However bad you think the child care crisis is right now, it’s about to get worse. The sector has lost nearly 100,000 workers from pre-pandemic levels, while thousands of programs have closed permanently and tens of thousands of classrooms sit empty. The only thing holding back a full landslide is a thin net of federal pandemic funds, but those fund expire soon. For the sake of America’s families and economy, Congress must act now — beginning in the lame-duck session — to permanently fix this critical infrastructure.
The three COVID-19 relief bills gave a total of $53 billion to child care, nearly 10 times the usual meager annual federal spending. These funds have been a literal lifeline as programs wrestle with crippling staffing shortages, constrained enrollment and inflation.
Ninety-two percent of child care centers relied on pandemic grants to keep the doors open, according to a survey from the National Association for the Education of Young Children. “The grant money is the only thing that has kept us from having to close our facility,” one educator at a large faith-based program in South Carolina said.
A follow-up survey out this month found nearly half of center directors believe they will have to raise fees when the funds run out over the next two years, and many are not sure how they will survive in the face of a likely staff exodus.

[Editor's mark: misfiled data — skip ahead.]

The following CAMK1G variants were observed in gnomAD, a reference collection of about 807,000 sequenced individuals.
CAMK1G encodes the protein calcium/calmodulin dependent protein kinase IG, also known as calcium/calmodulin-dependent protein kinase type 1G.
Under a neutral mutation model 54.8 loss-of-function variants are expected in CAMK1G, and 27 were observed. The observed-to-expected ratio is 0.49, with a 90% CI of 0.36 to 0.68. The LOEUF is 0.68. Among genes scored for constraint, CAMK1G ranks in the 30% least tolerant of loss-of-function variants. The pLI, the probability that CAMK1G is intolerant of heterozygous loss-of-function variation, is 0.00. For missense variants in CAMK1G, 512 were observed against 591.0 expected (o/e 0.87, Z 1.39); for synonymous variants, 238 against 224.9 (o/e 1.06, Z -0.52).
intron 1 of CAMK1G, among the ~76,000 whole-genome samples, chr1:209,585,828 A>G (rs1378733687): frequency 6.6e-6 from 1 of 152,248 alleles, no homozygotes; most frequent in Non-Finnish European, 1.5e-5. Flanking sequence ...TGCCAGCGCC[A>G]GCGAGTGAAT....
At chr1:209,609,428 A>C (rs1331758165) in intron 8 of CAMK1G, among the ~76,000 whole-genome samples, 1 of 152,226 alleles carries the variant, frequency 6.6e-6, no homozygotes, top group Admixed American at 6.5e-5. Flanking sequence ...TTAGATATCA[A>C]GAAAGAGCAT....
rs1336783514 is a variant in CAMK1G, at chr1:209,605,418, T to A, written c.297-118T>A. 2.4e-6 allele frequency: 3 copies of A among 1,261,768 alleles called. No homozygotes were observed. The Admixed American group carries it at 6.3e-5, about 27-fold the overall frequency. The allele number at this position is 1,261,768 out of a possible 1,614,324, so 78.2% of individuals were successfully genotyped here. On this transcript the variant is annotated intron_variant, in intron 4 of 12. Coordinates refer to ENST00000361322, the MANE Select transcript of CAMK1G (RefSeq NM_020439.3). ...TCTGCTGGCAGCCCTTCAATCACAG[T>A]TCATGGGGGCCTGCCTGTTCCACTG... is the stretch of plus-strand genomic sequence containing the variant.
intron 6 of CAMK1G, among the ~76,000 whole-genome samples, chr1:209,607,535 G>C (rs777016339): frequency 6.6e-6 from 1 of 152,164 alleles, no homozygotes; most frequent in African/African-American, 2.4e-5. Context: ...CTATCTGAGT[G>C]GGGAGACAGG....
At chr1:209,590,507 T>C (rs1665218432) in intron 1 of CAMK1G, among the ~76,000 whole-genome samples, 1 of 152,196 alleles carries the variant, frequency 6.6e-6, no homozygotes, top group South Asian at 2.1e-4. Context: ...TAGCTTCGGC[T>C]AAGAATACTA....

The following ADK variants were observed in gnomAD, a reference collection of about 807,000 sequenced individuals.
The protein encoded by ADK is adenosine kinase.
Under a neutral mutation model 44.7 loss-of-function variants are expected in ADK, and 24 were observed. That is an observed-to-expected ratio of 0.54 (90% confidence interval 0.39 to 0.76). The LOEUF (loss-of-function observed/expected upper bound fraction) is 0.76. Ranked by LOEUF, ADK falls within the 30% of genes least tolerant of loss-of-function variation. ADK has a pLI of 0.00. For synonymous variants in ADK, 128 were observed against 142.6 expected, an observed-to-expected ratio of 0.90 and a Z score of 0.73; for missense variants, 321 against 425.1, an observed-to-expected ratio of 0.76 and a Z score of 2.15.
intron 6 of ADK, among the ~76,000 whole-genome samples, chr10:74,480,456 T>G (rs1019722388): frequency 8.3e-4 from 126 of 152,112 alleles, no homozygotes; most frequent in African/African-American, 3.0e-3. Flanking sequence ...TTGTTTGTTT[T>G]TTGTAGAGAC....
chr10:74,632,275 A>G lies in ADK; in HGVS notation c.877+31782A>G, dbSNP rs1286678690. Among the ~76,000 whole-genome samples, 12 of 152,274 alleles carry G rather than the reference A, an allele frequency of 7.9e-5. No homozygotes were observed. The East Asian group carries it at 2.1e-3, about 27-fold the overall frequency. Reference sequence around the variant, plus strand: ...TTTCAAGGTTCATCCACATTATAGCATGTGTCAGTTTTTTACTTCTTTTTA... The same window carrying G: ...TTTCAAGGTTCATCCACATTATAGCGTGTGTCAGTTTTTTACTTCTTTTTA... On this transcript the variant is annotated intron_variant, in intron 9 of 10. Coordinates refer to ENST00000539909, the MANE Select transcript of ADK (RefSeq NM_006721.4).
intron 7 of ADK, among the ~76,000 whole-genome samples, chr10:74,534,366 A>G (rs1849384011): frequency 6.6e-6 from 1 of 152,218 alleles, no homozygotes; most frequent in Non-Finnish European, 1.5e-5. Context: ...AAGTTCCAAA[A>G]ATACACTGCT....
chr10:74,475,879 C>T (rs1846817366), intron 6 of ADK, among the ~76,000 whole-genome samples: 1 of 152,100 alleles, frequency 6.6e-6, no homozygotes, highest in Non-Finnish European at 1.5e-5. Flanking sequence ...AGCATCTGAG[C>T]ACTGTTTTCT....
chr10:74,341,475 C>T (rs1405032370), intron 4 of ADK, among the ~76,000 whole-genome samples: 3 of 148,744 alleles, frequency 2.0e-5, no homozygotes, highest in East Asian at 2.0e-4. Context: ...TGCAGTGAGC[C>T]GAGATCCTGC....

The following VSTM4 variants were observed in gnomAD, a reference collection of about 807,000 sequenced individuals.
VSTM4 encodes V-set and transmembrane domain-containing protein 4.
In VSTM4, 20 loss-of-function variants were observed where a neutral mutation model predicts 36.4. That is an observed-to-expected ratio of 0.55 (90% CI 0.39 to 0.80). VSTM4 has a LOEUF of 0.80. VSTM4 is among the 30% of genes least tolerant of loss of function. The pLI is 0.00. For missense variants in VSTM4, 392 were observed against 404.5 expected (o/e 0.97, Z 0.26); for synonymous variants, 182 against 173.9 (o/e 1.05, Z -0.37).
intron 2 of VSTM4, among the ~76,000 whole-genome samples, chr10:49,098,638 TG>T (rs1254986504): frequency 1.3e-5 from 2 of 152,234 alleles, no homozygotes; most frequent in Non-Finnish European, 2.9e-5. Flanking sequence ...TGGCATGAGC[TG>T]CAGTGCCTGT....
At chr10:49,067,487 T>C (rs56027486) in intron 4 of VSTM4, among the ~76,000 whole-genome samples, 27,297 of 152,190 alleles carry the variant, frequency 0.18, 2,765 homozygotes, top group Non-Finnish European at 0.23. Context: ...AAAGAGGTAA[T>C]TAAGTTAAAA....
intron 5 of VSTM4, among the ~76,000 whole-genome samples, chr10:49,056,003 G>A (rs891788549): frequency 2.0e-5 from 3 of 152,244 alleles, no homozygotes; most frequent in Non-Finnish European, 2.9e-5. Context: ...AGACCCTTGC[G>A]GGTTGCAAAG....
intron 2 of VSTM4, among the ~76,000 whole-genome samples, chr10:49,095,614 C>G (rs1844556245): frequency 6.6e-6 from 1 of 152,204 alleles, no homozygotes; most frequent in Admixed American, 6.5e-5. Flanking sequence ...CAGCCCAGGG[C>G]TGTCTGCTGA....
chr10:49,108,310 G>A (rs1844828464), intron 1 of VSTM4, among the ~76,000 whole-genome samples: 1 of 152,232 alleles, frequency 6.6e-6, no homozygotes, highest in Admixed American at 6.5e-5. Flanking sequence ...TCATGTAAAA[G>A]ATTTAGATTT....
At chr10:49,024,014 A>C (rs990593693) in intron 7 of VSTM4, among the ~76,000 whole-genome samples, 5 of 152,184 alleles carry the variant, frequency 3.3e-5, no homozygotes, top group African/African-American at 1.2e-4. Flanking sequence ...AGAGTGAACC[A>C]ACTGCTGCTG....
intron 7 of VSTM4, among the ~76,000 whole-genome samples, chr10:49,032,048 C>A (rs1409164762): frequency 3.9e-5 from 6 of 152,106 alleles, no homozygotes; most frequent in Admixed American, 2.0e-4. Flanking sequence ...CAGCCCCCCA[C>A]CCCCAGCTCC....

Parents will feel the blow both from reduced child care supply and reduced child care support. The head of Mississippi’s Department of Human Services recently said that more than 12,000 children will lose their subsidized slots come fall 2024. Similarly, this month West Virginia ended free child care for more than 6,000 families that were deemed essential workers, leading one parent to say about her new $900 a month child care bill, “I feel hopeless, to be honest.”
More hopelessness is on the way unless the federal government makes robust permanent investments into the nation’s neglected child care system. While states have been doing their best, and in some cases passing historically large amounts of funding, they are heavily reliant on the federal pandemic funds. Virginia, for instance, has put in more than $200 million of state money to help create caps on parent fees and increase funding for providers, but the scheme is still reliant on half a billion dollars of federal funds there is no easy way to replace.
In fact, nearly every state’s desperate attempt to stanch the bleeding is deeply entwined with the expiring federal funding. From Michigan to Alabama, states have been handing out well-earned bonuses to entice early childhood educators to stay. Alabama is offering $3,000 quarterly for full-time staff. Utah gave out $2,000 bonuses earlier this year.
But these and other incentives were made possible by federal pandemic grants. What happens when they run out? It remains to be seen if any states will follow the lead of New Mexico, whose voters just enshrined a permanent source of major child care funding into the state constitution.